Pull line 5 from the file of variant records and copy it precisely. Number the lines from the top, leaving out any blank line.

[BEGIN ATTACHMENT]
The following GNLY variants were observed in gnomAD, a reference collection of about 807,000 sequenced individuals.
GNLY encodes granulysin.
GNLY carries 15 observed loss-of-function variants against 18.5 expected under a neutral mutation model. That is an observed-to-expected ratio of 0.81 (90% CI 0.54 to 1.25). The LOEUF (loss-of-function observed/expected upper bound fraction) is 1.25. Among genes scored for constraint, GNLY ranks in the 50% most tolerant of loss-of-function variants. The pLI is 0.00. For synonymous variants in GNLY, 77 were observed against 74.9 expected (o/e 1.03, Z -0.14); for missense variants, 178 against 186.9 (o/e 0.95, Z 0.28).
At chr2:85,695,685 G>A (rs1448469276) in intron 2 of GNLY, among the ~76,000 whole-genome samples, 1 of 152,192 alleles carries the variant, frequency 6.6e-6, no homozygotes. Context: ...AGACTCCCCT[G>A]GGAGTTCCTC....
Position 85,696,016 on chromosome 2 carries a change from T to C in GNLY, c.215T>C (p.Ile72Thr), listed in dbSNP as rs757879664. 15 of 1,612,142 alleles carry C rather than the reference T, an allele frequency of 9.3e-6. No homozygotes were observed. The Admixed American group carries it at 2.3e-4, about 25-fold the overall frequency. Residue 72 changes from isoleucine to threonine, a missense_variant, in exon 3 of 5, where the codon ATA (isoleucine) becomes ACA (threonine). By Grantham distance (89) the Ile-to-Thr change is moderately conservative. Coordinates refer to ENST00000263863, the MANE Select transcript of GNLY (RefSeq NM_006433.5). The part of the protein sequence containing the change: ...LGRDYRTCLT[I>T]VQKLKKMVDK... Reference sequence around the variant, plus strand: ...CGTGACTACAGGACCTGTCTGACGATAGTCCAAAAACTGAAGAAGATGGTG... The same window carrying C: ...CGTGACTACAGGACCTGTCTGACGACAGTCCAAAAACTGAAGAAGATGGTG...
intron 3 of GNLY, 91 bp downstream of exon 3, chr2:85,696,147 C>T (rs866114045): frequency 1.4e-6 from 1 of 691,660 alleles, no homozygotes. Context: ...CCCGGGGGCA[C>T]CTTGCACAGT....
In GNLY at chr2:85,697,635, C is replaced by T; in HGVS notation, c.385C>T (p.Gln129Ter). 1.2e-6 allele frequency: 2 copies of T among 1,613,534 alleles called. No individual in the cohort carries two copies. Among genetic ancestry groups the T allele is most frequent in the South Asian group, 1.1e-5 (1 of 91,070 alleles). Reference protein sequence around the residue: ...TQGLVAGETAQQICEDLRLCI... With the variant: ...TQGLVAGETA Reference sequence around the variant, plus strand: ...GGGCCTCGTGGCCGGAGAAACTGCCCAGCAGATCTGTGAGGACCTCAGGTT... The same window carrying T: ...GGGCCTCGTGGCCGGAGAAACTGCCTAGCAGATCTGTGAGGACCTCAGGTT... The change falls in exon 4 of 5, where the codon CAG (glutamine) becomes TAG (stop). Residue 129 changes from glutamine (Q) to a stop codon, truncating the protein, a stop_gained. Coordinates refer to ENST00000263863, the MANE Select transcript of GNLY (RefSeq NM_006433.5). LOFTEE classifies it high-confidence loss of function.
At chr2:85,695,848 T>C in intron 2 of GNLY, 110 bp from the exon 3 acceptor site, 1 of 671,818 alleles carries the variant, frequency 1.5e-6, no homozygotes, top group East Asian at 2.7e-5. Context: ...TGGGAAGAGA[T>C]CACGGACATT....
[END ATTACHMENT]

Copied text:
Position 85,696,016 on chromosome 2 carries a change from T to C in GNLY, c.215T>C (p.Ile72Thr), listed in dbSNP as rs757879664. 15 of 1,612,142 alleles carry C rather than the reference T, an allele frequency of 9.3e-6. No homozygotes were observed. The Admixed American group carries it at 2.3e-4, about 25-fold the overall frequency. Residue 72 changes from isoleucine to threonine, a missense_variant, in exon 3 of 5, where the codon ATA (isoleucine) becomes ACA (threonine). By Grantham distance (89) the Ile-to-Thr change is moderately conservative. Coordinates refer to ENST00000263863, the MANE Select transcript of GNLY (RefSeq NM_006433.5). The part of the protein sequence containing the change: ...LGRDYRTCLT[I>T]VQKLKKMVDK... Reference sequence around the variant, plus strand: ...CGTGACTACAGGACCTGTCTGACGATAGTCCAAAAACTGAAGAAGATGGTG... The same window carrying C: ...CGTGACTACAGGACCTGTCTGACGACAGTCCAAAAACTGAAGAAGATGGTG...